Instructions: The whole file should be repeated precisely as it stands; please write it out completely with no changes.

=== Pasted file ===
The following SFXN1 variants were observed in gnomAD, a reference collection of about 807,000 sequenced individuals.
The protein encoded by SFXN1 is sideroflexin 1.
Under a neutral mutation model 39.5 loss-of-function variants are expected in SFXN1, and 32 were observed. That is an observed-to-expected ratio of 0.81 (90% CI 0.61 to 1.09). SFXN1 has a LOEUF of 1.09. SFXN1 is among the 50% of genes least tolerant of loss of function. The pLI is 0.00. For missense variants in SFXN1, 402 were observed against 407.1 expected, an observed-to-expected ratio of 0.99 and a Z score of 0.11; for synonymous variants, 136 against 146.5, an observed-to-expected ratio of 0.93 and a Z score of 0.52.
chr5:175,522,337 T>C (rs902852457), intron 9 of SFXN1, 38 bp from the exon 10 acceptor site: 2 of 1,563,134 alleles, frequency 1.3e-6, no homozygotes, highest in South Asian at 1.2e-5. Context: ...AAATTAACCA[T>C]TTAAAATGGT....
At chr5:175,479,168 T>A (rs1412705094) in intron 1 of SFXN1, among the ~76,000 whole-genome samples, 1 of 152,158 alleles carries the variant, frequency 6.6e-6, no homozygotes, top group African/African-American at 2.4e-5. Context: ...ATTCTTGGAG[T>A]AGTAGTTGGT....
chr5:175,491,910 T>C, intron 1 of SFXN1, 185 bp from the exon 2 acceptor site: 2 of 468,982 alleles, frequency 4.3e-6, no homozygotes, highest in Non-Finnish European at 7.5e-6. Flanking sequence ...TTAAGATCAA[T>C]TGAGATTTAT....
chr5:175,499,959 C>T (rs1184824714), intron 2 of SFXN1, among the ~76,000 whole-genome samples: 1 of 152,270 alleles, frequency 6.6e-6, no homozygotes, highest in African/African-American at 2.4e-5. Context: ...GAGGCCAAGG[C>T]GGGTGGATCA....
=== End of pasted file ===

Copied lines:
The following SFXN1 variants were observed in gnomAD, a reference collection of about 807,000 sequenced individuals.
The protein encoded by SFXN1 is sideroflexin 1.
Under a neutral mutation model 39.5 loss-of-function variants are expected in SFXN1, and 32 were observed. That is an observed-to-expected ratio of 0.81 (90% CI 0.61 to 1.09). SFXN1 has a LOEUF of 1.09. SFXN1 is among the 50% of genes least tolerant of loss of function. The pLI is 0.00. For missense variants in SFXN1, 402 were observed against 407.1 expected, an observed-to-expected ratio of 0.99 and a Z score of 0.11; for synonymous variants, 136 against 146.5, an observed-to-expected ratio of 0.93 and a Z score of 0.52.
chr5:175,522,337 T>C (rs902852457), intron 9 of SFXN1, 38 bp from the exon 10 acceptor site: 2 of 1,563,134 alleles, frequency 1.3e-6, no homozygotes, highest in South Asian at 1.2e-5. Context: ...AAATTAACCA[T>C]TTAAAATGGT....
At chr5:175,479,168 T>A (rs1412705094) in intron 1 of SFXN1, among the ~76,000 whole-genome samples, 1 of 152,158 alleles carries the variant, frequency 6.6e-6, no homozygotes, top group African/African-American at 2.4e-5. Context: ...ATTCTTGGAG[T>A]AGTAGTTGGT....
chr5:175,491,910 T>C, intron 1 of SFXN1, 185 bp from the exon 2 acceptor site: 2 of 468,982 alleles, frequency 4.3e-6, no homozygotes, highest in Non-Finnish European at 7.5e-6. Flanking sequence ...TTAAGATCAA[T>C]TGAGATTTAT....
chr5:175,499,959 C>T (rs1184824714), intron 2 of SFXN1, among the ~76,000 whole-genome samples: 1 of 152,270 alleles, frequency 6.6e-6, no homozygotes, highest in African/African-American at 2.4e-5. Context: ...GAGGCCAAGG[C>T]GGGTGGATCA....